As shown in FIG. 3(d), the hue judgment is performed by setting up XGI, XFI, YGI, YGX, XFX, YFX and RC as threshold values, and comparing the hue values with such threshold values. The judgment criteria on the X-Y plane are as follows: The gray area is defined by XGI <X<XFI and YGI <Y<YGX, the area is defined by XFI <X<XFX and Y<|YFX |, the colored area is located outside the circle having the radius RC (RC2 X2 +Y2) and excluding the skin color area. That is, those parameters which have a hue in the skin color range on the X-axis are set for the coordinates conversion described above, as it is apparent from the description given above. Therefore, the hue judgment process will first make an affirmative skin color side judgment if the relationship, XFI <X, holds valid and hence the hue is on the skin color side. If it is then found that the hue does not belong to the skin color area, the process performs the color judgment. In case the hue is not on the skin color side, the process makes a comparison with XGI, YGI and YGX and judges whether or not the hue is on the gray side. If the hue is not on the gray color side, then the process makes the color judgment. In case the hue is on the gray side, the process further performs the gray judgment with the density criterion W<WG. That is, the process will not judge that a given data belongs to the gray area if the density W is smaller than the prescribed value WG, even if the hue is located in the gray area in the X-Y plane as shown in FIG. 3(d). Moreover, in case the value of the density W is extremely large or small, the color will be very close to black or white, and, for this reason, an adjustment will be made of the threshold values XFI and XFX, which are the threshold values for the gray area and skin color area, depending on the value of the density W.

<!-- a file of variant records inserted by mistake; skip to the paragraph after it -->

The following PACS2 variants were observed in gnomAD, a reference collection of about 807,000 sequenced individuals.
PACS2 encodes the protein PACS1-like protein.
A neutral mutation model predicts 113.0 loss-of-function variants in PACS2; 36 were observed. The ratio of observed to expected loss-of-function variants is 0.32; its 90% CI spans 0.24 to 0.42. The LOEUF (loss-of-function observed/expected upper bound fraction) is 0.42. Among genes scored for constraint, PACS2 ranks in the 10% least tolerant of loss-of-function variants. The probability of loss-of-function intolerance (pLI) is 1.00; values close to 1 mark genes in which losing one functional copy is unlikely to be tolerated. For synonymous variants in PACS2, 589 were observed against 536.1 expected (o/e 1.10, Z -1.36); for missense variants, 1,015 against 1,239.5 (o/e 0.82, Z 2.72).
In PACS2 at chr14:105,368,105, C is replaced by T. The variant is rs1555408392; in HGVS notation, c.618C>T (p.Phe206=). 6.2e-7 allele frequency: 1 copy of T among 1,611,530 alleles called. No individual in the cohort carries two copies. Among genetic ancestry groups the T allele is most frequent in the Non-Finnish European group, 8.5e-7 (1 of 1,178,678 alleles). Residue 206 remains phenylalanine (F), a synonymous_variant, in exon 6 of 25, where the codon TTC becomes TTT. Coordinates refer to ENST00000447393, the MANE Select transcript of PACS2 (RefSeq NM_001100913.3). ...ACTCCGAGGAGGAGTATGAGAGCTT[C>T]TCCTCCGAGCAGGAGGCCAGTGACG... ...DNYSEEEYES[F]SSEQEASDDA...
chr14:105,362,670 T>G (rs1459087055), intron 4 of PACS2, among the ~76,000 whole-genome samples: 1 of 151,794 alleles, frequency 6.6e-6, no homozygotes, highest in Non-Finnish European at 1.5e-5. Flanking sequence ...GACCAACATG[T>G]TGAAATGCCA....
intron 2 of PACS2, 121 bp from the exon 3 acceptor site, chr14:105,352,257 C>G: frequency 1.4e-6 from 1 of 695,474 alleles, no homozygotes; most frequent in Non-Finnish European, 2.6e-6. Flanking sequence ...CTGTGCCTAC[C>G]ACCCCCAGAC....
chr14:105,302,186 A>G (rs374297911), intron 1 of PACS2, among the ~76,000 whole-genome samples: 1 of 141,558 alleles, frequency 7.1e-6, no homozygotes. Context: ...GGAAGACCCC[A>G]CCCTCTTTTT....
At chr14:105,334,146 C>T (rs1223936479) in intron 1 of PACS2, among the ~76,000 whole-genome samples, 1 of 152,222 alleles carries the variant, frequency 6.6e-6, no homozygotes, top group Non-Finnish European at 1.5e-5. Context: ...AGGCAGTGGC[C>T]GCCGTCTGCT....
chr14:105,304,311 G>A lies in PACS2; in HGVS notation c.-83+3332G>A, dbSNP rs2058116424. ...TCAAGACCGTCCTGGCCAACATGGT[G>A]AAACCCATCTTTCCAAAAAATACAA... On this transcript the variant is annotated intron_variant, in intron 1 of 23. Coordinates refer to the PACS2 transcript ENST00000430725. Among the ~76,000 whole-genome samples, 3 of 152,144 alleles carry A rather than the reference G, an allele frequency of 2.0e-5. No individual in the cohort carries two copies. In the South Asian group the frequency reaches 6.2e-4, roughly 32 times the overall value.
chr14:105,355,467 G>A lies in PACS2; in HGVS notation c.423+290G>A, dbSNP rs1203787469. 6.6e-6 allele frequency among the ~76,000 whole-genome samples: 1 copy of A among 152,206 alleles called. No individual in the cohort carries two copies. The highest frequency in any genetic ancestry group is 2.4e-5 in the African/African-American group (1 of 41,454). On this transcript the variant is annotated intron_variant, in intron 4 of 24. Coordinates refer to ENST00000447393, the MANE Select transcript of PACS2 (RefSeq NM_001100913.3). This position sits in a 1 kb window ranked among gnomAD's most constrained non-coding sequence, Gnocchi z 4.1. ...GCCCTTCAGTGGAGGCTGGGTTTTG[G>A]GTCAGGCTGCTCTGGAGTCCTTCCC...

After the area judgment described above, the individual data are added up, and the number of data of the gray color area nG and the hue XG and YG, the hue XC and YC of the colored area, and the number of data of the skin color area nF and the density WF are calculated, and subsequently the maximum density WX and its hue XM and YM, the minimum density WI, the overall density LATDW, and the overall hue LATDX and LATDY are obtained.
Conventionally, the processes up to this point have been done for every data extraction of one line, namely, for each sampling step. Therefore, it is not possible to advance the scanning forward to the next line unless the calculation/hue judgment process is finished, and it is therefore not possible to increase the speed in the stepped scanning operation. On the other hand, the present invention offers a system which makes it possible to advance the scanning to the next line merely with the performance of the adding and correcting processes on the data at each sampling point, as described above, without performing the calculation/hue judgment process. It is therefore possible to shorten the period of the stepped scanning operation by the time otherwise needed for the performance of the calculation/hue judgment process. In addition, this portion of time is a duration of time which can be amply secured in the period of from the start of the back scanning operation to the start of the main scanning operation, after the completion of the stepped scanning.